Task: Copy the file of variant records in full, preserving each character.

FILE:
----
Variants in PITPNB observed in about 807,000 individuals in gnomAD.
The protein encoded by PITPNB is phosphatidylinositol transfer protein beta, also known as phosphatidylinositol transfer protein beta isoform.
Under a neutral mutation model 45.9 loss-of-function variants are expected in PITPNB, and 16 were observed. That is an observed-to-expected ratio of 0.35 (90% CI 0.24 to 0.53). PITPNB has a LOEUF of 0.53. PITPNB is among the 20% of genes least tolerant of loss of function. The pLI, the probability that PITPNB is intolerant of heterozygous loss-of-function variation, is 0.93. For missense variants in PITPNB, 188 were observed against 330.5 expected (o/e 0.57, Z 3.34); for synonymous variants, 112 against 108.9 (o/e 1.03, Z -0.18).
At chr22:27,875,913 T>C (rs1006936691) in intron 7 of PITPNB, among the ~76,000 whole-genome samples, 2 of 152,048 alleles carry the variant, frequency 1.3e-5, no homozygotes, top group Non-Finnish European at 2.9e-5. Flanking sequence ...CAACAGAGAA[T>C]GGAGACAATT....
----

Variants in PITPNB observed in about 807,000 individuals in gnomAD.
The protein encoded by PITPNB is phosphatidylinositol transfer protein beta, also known as phosphatidylinositol transfer protein beta isoform.
Under a neutral mutation model 45.9 loss-of-function variants are expected in PITPNB, and 16 were observed. That is an observed-to-expected ratio of 0.35 (90% CI 0.24 to 0.53). PITPNB has a LOEUF of 0.53. PITPNB is among the 20% of genes least tolerant of loss of function. The pLI, the probability that PITPNB is intolerant of heterozygous loss-of-function variation, is 0.93. For missense variants in PITPNB, 188 were observed against 330.5 expected (o/e 0.57, Z 3.34); for synonymous variants, 112 against 108.9 (o/e 1.03, Z -0.18).
At chr22:27,875,913 T>C (rs1006936691) in intron 7 of PITPNB, among the ~76,000 whole-genome samples, 2 of 152,048 alleles carry the variant, frequency 1.3e-5, no homozygotes, top group Non-Finnish European at 2.9e-5. Flanking sequence ...CAACAGAGAA[T>C]GGAGACAATT....